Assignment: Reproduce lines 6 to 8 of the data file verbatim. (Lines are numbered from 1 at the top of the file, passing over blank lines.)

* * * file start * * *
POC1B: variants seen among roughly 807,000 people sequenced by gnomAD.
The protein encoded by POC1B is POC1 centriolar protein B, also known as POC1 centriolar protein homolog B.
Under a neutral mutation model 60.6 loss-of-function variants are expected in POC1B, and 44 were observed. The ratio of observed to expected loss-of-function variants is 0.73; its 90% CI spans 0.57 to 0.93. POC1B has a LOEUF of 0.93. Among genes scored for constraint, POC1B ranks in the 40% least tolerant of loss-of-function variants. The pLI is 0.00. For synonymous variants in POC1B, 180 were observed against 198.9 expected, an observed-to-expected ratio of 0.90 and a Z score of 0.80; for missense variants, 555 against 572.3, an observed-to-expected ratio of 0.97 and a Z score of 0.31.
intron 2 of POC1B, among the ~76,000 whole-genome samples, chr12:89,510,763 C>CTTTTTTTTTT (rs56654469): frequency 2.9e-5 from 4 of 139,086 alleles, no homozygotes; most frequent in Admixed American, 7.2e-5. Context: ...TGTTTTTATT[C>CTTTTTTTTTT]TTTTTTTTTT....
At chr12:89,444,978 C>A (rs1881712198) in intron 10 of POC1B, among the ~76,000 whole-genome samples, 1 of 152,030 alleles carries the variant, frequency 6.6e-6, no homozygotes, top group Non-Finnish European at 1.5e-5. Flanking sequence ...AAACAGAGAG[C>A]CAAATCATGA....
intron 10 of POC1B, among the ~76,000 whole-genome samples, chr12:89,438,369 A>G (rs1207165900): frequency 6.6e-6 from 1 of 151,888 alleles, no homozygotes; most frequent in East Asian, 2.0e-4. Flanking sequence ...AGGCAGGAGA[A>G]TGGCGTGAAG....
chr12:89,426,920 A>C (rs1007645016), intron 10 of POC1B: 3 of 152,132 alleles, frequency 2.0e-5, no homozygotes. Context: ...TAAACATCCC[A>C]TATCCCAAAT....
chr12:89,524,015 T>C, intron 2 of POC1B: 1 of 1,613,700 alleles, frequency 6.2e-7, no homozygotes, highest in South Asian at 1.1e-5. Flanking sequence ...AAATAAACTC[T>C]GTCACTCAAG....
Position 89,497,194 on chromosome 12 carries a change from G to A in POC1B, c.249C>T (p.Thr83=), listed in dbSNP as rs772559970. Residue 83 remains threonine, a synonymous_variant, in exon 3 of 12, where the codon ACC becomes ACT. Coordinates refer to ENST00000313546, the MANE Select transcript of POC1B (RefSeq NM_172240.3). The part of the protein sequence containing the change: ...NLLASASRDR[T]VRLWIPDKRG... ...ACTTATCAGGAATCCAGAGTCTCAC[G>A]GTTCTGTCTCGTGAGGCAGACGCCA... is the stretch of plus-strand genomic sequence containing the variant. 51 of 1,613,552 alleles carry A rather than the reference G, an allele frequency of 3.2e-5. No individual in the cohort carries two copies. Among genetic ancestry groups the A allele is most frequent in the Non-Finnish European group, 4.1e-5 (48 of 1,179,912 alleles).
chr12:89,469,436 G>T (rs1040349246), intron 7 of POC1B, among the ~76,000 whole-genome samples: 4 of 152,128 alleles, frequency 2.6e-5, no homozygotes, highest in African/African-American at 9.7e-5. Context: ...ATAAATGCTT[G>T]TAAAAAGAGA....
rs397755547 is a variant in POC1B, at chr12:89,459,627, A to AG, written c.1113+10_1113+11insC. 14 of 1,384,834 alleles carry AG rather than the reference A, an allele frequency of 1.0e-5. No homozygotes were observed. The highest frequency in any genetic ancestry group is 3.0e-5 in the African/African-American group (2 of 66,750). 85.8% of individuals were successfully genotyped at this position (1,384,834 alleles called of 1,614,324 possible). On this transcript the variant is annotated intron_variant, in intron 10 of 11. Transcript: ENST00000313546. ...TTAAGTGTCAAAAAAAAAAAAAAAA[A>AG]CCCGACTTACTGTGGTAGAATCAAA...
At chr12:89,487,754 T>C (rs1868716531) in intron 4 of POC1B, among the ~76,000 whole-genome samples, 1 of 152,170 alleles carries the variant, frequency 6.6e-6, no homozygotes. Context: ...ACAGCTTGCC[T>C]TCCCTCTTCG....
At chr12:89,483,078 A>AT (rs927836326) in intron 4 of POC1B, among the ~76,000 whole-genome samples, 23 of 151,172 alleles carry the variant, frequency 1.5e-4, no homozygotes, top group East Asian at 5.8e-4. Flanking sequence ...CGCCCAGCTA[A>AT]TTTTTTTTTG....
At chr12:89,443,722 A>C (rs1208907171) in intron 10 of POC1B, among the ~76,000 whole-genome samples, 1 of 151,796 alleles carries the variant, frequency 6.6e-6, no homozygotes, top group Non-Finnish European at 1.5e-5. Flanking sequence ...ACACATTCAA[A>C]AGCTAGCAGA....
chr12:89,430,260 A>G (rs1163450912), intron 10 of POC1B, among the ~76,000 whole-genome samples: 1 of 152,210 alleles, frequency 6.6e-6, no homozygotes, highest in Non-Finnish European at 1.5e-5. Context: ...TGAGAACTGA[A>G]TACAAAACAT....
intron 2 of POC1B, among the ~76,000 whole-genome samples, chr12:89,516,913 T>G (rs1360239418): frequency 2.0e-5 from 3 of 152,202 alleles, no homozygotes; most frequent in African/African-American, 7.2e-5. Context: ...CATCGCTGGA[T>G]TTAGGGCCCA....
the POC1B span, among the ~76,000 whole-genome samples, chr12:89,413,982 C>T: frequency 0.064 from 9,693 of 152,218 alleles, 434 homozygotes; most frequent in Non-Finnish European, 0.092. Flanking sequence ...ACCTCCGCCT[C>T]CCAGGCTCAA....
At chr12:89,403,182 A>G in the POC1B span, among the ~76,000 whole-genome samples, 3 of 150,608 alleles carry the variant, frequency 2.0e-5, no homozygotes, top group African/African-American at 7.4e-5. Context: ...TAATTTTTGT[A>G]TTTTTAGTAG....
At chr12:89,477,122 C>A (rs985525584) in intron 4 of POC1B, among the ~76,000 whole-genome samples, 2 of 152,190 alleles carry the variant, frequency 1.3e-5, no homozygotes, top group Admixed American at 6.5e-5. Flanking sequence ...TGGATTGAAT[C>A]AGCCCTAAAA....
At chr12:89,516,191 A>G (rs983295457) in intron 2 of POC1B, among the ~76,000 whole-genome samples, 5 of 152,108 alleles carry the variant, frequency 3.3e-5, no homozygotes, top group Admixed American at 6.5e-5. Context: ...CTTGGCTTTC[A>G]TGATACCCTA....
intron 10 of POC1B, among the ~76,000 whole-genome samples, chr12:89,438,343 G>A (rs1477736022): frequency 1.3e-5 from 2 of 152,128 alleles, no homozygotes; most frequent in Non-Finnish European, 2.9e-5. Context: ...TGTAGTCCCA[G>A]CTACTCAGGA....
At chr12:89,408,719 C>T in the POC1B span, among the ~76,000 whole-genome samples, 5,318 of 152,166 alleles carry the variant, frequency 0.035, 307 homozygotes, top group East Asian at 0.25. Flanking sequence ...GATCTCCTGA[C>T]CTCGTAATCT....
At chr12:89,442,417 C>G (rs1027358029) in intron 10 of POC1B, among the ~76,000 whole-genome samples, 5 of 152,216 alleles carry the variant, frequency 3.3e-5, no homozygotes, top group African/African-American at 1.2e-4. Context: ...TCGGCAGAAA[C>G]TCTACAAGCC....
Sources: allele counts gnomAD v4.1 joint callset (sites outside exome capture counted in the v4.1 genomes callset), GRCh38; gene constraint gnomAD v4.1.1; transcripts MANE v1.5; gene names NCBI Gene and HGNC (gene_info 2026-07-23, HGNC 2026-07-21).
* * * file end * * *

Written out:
intron 10 of POC1B, among the ~76,000 whole-genome samples, chr12:89,438,369 A>G (rs1207165900): frequency 6.6e-6 from 1 of 151,888 alleles, no homozygotes; most frequent in East Asian, 2.0e-4. Flanking sequence ...AGGCAGGAGA[A>G]TGGCGTGAAG....
chr12:89,426,920 A>C (rs1007645016), intron 10 of POC1B: 3 of 152,132 alleles, frequency 2.0e-5, no homozygotes. Context: ...TAAACATCCC[A>C]TATCCCAAAT....
chr12:89,524,015 T>C, intron 2 of POC1B: 1 of 1,613,700 alleles, frequency 6.2e-7, no homozygotes, highest in South Asian at 1.1e-5. Flanking sequence ...AAATAAACTC[T>C]GTCACTCAAG....